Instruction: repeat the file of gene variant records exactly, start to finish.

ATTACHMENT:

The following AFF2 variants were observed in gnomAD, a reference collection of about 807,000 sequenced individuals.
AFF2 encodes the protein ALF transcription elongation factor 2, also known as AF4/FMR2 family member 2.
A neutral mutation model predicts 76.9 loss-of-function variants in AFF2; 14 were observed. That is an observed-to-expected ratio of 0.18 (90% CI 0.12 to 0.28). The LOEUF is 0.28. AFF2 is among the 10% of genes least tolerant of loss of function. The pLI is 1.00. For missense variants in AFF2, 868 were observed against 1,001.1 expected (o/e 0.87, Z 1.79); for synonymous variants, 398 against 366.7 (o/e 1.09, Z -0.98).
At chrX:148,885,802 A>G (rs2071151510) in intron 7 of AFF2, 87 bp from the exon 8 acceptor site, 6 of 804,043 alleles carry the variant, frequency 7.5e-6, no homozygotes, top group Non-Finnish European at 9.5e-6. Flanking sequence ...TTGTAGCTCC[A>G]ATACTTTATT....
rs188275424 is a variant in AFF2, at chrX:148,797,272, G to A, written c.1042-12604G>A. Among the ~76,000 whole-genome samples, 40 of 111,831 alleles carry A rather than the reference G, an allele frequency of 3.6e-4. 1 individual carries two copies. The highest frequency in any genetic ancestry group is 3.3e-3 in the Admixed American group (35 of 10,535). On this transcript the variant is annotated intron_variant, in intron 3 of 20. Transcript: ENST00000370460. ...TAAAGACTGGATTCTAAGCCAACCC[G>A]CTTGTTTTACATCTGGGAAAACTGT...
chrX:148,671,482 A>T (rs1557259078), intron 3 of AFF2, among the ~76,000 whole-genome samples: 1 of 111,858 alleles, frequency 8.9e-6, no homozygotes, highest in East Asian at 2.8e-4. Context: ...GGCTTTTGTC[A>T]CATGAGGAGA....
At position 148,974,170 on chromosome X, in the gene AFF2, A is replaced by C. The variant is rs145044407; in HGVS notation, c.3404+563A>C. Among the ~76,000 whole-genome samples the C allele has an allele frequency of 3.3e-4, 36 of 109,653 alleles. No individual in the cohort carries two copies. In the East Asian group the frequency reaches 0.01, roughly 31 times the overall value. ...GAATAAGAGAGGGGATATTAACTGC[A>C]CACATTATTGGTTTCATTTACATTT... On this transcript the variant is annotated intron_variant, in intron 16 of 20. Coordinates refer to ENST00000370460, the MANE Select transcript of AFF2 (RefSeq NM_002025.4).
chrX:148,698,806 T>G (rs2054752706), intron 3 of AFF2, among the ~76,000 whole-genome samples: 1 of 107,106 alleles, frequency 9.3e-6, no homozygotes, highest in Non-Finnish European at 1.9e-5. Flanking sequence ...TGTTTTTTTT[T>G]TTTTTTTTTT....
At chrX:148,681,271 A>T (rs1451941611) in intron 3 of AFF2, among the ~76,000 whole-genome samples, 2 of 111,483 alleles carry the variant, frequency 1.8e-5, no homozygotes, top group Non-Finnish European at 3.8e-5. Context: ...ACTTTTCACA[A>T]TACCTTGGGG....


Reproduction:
The following AFF2 variants were observed in gnomAD, a reference collection of about 807,000 sequenced individuals.
AFF2 encodes the protein ALF transcription elongation factor 2, also known as AF4/FMR2 family member 2.
A neutral mutation model predicts 76.9 loss-of-function variants in AFF2; 14 were observed. That is an observed-to-expected ratio of 0.18 (90% CI 0.12 to 0.28). The LOEUF is 0.28. AFF2 is among the 10% of genes least tolerant of loss of function. The pLI is 1.00. For missense variants in AFF2, 868 were observed against 1,001.1 expected (o/e 0.87, Z 1.79); for synonymous variants, 398 against 366.7 (o/e 1.09, Z -0.98).
At chrX:148,885,802 A>G (rs2071151510) in intron 7 of AFF2, 87 bp from the exon 8 acceptor site, 6 of 804,043 alleles carry the variant, frequency 7.5e-6, no homozygotes, top group Non-Finnish European at 9.5e-6. Flanking sequence ...TTGTAGCTCC[A>G]ATACTTTATT....
rs188275424 is a variant in AFF2, at chrX:148,797,272, G to A, written c.1042-12604G>A. Among the ~76,000 whole-genome samples, 40 of 111,831 alleles carry A rather than the reference G, an allele frequency of 3.6e-4. 1 individual carries two copies. The highest frequency in any genetic ancestry group is 3.3e-3 in the Admixed American group (35 of 10,535). On this transcript the variant is annotated intron_variant, in intron 3 of 20. Transcript: ENST00000370460. ...TAAAGACTGGATTCTAAGCCAACCC[G>A]CTTGTTTTACATCTGGGAAAACTGT...
chrX:148,671,482 A>T (rs1557259078), intron 3 of AFF2, among the ~76,000 whole-genome samples: 1 of 111,858 alleles, frequency 8.9e-6, no homozygotes, highest in East Asian at 2.8e-4. Context: ...GGCTTTTGTC[A>T]CATGAGGAGA....
At position 148,974,170 on chromosome X, in the gene AFF2, A is replaced by C. The variant is rs145044407; in HGVS notation, c.3404+563A>C. Among the ~76,000 whole-genome samples the C allele has an allele frequency of 3.3e-4, 36 of 109,653 alleles. No individual in the cohort carries two copies. In the East Asian group the frequency reaches 0.01, roughly 31 times the overall value. ...GAATAAGAGAGGGGATATTAACTGC[A>C]CACATTATTGGTTTCATTTACATTT... On this transcript the variant is annotated intron_variant, in intron 16 of 20. Coordinates refer to ENST00000370460, the MANE Select transcript of AFF2 (RefSeq NM_002025.4).
chrX:148,698,806 T>G (rs2054752706), intron 3 of AFF2, among the ~76,000 whole-genome samples: 1 of 107,106 alleles, frequency 9.3e-6, no homozygotes, highest in Non-Finnish European at 1.9e-5. Flanking sequence ...TGTTTTTTTT[T>G]TTTTTTTTTT....
At chrX:148,681,271 A>T (rs1451941611) in intron 3 of AFF2, among the ~76,000 whole-genome samples, 2 of 111,483 alleles carry the variant, frequency 1.8e-5, no homozygotes, top group Non-Finnish European at 3.8e-5. Context: ...ACTTTTCACA[A>T]TACCTTGGGG....